Bits and Pieces: Professional Beekeeper, Motorcycle-Caused Pollution, Radiation Therapy and More

Short tidbits of news on government spending, pollution from motorcycles, the building industry and much more.


| May/June 1976



039-018-01-title

HIghlights and headlines on environmental, economic and social topics of interest.


ILLUSTRATION: MOTHER EARTH NEWS EDITORS

If you had radiation therapy as a child to shrink infected tonsils, adenoids, or thymus glands, the Health Insurance Institute asks that you notify your doctor or hospital of that fact as quickly as possible. The Institute says that the treatment (common during the 30's, 40's, and 50's . . . and then discontinued) is related to a high incidence of thyroid cancer, but that prompt action can help prevent the malady.

There's always room for modern medicine. . . OR IS THERE? Dr. Adrian Upton, professor of neurology at MacMasters University in Hamilton, Ontario, recently rigged a brain wave machine, artificial respirators, and intravenous feeding equipment to a bowl of lime jello about the size of a human brain, and—gasp!—recorded readings typical of those emitted by a living person. In fact, the good doctor noted, the results of the electronic analysis would not have qualified the dessert as sufficiently "dead" to have the fife-sustaining plugs pulled under existing legal guidelines!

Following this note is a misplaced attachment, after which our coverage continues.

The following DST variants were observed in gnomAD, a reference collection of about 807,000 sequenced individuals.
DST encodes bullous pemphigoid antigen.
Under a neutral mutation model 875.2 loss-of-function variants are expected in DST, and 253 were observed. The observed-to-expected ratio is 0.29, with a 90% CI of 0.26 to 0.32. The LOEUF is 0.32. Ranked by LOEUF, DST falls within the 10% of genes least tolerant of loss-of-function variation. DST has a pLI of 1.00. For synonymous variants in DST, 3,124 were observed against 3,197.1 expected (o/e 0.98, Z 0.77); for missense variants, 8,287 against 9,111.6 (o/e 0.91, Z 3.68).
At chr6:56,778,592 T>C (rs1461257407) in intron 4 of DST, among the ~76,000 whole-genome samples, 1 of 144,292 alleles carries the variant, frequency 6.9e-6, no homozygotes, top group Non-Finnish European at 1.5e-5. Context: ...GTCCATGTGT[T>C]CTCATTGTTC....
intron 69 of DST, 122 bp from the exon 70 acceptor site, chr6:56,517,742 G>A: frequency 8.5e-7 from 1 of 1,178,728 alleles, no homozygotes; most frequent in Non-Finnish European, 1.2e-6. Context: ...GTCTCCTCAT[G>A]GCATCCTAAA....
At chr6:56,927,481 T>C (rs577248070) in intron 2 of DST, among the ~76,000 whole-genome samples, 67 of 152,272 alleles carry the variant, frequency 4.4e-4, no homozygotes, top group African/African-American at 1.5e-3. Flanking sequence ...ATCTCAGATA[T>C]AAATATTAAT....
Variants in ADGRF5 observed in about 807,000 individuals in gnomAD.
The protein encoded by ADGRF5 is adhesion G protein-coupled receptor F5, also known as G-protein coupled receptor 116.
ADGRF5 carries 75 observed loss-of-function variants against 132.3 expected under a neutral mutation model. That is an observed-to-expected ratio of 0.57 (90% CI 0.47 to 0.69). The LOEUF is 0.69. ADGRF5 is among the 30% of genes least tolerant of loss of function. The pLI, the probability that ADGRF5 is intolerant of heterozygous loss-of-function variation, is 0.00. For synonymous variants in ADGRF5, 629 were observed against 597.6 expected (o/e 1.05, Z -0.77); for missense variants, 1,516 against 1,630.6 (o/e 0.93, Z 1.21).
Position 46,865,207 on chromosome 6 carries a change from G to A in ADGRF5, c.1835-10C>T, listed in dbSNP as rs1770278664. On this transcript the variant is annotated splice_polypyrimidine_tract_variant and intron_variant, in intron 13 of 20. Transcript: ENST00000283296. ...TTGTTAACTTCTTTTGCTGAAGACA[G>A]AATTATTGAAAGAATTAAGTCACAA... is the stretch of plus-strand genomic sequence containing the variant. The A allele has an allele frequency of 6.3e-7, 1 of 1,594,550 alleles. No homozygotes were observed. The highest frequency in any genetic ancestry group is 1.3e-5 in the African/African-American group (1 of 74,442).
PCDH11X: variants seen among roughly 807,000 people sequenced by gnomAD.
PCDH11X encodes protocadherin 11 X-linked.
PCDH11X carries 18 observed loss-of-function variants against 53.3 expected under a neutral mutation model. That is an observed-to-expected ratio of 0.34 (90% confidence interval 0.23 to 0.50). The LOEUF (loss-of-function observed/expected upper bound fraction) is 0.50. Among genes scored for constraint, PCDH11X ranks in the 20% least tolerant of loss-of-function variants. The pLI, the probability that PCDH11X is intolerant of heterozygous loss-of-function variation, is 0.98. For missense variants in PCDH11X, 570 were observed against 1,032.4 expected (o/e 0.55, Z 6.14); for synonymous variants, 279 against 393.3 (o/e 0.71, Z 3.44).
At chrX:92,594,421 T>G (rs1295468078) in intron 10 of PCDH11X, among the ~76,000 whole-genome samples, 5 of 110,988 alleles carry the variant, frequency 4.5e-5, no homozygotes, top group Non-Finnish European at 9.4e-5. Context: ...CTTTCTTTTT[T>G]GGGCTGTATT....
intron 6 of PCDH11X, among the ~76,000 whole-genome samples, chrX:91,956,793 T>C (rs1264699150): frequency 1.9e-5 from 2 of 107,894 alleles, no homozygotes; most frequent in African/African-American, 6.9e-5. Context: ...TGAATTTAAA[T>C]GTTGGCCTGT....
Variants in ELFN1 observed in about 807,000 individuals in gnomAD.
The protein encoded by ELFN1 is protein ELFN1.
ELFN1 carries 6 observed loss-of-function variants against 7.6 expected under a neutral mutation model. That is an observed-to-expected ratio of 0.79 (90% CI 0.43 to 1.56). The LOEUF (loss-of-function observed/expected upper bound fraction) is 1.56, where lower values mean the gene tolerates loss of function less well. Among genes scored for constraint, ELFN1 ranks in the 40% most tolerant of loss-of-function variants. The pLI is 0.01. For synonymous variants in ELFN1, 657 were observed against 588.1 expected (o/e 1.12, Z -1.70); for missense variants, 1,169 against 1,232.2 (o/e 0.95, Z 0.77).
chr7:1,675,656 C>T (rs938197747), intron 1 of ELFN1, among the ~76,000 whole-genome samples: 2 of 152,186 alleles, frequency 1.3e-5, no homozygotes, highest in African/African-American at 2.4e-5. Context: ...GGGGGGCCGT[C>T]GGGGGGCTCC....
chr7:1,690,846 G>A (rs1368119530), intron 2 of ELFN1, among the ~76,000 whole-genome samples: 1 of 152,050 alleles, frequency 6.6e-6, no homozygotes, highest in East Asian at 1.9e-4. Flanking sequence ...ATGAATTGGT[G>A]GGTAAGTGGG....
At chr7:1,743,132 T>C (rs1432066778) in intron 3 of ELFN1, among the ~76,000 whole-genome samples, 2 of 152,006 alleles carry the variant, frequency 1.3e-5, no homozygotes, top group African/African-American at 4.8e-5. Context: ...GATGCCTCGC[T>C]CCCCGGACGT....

The Environmental Protection Agency reports that most motorcycles produce "several times" more pollution than the average 1976 car, and that—unless strict controls are established soon—total emissions from those "cute little bikes" will actually exceed those of all autos by 1978. It would seem that the two-wheelers do indeed "let the good times roll" . . . right past all of us.

The conventional building industry may be having its ups and downs these days, but folks involved in the field of alternative housing are enjoying a booming business. One such company, American Geodesic Inc., offers an "instant home" kit called "Omegadome" which—according to the firm—costs between $4,800 and $6,900, can be transported to even remote areas, and is easy to erect and fully weatherproof within three days. All you would-be entrepreneurs out there might take note of the fact that sales of the kit—and others like it—are soaring.

Don't be misled by industry complaints that "environmentalism" is the culprit behind today's high unemployment rate. Russell Peterson, Chairman of the President's Council on Environmental Quality, reports that every $1 billion spent for ecological cleanup creates 66,900 new jobs . . . and that the field of pollution control will be "one of the relatively few areas of job strength" during 1976.

Would you like to become a professional beekeeper? Considering the fact that demand for honey and pollinating bees has leaped far beyond the available supply over the past few years, you may want to look into the two-year degree program in apiculture now offered by Ohio State University's Agricultural Technical Institute. The course provides intensive study and on-the-job experience, and is conducted by John R. Caulk, beekeeping columnist for Countryside and Small Stock Journal.





mother earth news fair

MOTHER EARTH NEWS FAIR

Oct. 21-22, 2017
Topeka, KS.

More than 150 workshops, great deals from more than 200 exhibitors, off-stage demos, inspirational keynotes, and great food!

LEARN MORE